Film review: Polisse

Director: Maïwenn
Cast: Karin Viard, Joeystarr, Marina Foïs, Nicolas Duvauchelle, Maïwenn, Karole Rocher, Emmanuelle Bercot, Frédéric Pierrot, Arnaud Henriet, Naidra Ayadi, Jérémie Elkaïm, Riccardo Scamarcio
Rating: (R16)
5 stars (out of 5)

Moved by a documentary about the French Child Protection Unit (CPU), director-actress Maïwenn sought access to the police officers to script a film based on their work. Casting herself in the role of Mélissa, a photographer drafted to create a photo essay on the CPU, Maïwenn has created a film so real it is impossible to look away as one train wreck after the other careers across the screen.

From an opening where images and sequences are slapped together at a dizzying pace, it's obvious that the film-making team is so confident in their narrative that they cavalierly demand that their audience hang in for the ride. Fortunately, the pace does level out, but the dynamic method of jumping between characters, locations and personal dramas helps reflect the chaos the CPU experience daily.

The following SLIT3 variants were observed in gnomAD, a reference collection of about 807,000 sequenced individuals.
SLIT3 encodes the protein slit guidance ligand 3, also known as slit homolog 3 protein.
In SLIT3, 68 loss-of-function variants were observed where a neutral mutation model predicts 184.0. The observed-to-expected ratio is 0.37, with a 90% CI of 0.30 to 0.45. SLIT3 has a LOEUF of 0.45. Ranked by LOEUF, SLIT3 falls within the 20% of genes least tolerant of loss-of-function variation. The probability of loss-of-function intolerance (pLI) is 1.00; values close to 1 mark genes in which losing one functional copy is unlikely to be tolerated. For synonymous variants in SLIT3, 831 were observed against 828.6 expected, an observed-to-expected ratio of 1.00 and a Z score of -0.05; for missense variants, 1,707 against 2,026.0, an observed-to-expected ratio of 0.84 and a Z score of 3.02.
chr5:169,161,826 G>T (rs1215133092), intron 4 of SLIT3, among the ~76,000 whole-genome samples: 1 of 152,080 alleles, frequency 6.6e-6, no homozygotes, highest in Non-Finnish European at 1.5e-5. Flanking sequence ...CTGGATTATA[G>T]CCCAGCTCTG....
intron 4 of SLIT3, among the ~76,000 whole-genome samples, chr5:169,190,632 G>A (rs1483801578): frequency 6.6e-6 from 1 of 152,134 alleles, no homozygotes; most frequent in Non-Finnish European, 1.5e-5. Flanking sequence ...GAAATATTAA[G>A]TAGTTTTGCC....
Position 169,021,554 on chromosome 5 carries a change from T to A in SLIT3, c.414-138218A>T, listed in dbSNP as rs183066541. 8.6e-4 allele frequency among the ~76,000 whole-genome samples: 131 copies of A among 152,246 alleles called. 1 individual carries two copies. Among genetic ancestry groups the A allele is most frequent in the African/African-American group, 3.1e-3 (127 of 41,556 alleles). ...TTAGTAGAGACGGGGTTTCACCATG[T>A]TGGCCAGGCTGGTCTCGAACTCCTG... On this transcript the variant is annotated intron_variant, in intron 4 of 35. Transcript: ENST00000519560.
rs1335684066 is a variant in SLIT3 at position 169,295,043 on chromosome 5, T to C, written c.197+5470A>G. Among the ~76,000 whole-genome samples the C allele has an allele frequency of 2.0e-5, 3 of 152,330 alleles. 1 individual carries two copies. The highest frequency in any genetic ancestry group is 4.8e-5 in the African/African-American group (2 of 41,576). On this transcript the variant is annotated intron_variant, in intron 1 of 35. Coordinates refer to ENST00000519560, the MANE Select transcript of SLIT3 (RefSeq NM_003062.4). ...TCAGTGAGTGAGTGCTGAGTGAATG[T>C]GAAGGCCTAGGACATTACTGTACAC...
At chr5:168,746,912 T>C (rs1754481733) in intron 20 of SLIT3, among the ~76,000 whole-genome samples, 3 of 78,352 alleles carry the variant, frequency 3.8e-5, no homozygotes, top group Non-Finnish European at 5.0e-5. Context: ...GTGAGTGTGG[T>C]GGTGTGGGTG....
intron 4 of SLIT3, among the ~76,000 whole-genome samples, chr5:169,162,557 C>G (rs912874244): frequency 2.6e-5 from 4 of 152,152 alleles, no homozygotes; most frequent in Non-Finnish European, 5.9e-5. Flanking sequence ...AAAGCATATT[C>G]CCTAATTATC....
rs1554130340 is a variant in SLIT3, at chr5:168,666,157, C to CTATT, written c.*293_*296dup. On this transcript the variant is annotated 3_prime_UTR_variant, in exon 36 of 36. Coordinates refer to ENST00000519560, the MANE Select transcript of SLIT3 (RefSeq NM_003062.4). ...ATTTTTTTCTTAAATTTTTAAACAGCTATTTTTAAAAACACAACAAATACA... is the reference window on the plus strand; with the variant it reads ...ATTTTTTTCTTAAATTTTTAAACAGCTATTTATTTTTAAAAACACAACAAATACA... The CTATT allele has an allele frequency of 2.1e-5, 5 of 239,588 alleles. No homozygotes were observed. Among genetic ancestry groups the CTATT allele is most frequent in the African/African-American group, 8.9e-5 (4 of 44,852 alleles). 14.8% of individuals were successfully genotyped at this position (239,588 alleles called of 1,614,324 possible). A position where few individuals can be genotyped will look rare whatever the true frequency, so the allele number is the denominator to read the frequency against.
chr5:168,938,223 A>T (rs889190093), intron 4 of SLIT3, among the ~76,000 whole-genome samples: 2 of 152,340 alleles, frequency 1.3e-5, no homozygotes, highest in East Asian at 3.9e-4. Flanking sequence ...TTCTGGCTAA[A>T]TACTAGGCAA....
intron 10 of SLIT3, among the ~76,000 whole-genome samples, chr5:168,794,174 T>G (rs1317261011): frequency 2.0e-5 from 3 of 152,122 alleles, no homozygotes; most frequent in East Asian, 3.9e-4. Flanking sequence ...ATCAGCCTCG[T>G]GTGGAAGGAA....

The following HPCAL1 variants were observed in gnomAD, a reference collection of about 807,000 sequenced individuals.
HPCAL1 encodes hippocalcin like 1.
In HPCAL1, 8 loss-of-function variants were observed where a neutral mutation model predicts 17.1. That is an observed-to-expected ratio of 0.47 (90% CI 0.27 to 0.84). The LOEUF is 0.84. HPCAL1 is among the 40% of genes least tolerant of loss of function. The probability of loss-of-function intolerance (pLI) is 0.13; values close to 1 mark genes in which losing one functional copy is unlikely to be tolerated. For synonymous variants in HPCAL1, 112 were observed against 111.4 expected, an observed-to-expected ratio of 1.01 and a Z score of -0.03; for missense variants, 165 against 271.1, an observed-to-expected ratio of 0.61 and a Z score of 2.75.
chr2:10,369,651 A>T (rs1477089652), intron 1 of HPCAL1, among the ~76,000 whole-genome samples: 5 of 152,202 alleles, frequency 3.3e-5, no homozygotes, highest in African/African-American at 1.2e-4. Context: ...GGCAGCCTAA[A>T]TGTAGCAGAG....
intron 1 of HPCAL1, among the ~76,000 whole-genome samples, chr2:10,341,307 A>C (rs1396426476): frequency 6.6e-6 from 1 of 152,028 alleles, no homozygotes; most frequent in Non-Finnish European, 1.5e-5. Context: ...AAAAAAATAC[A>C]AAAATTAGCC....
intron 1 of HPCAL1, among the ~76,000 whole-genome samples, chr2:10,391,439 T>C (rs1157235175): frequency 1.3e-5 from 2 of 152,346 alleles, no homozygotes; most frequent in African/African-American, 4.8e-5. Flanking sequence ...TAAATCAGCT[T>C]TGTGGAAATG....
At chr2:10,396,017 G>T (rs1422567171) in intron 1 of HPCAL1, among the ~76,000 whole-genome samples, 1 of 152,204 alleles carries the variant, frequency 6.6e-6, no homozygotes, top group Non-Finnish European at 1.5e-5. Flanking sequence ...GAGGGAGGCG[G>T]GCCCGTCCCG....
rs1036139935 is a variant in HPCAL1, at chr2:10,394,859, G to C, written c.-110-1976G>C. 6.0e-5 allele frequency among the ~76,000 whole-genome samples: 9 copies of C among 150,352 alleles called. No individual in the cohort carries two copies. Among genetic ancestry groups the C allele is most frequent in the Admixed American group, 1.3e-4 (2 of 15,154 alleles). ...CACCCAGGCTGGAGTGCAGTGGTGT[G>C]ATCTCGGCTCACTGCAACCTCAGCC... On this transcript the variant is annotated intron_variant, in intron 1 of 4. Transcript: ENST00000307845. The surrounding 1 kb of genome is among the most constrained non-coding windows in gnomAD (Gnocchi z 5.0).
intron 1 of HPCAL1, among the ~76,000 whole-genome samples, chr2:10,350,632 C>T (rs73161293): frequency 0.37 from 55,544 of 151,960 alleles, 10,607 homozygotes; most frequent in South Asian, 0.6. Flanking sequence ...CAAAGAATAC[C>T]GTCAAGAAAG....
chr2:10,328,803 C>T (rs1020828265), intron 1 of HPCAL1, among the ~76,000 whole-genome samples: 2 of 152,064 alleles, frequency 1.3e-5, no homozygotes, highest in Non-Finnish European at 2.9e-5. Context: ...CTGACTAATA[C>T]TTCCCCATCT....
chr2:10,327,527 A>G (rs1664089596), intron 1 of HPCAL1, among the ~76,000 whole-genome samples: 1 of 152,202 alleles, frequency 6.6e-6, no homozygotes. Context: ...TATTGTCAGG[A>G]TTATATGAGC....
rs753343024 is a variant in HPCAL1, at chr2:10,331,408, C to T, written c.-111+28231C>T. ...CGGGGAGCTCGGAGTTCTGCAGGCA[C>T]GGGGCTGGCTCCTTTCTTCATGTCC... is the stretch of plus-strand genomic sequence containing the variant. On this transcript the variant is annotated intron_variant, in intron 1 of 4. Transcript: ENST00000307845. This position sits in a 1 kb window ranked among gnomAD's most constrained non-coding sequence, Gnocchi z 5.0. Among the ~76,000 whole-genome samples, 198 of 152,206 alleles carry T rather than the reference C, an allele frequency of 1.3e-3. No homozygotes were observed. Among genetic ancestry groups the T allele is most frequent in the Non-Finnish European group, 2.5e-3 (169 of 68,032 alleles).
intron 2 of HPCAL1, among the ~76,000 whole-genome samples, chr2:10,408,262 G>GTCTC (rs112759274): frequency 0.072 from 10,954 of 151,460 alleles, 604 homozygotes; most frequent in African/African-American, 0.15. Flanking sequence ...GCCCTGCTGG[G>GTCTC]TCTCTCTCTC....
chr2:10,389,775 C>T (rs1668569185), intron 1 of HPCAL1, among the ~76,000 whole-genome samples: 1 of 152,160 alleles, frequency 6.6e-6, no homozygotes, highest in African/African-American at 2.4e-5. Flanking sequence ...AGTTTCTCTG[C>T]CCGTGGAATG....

The police unit is like one big family. Often unable to release the pressure accumulated after a shift dealing with society's most unsavoury characters, the officers eat together, drink together and fall into the arms of each other. What pulls the whole thing together is phenomenal acting. Working loosely from a structured script that was a first for Maïwenn, the actors ended up improvising many of the scenes based on an intensive pre-shoot workshop with former members of the CPU. Polisse is such a masterstroke of immersive cinema that it is near on impossible to tear your eyes from the screen. Best thing: The camera work: it's incredibly revealing but somehow unobtrusive.

Worst thing: The false endings.

See it with: A fastened seatbelt and a stiff drink.

- Mark Orton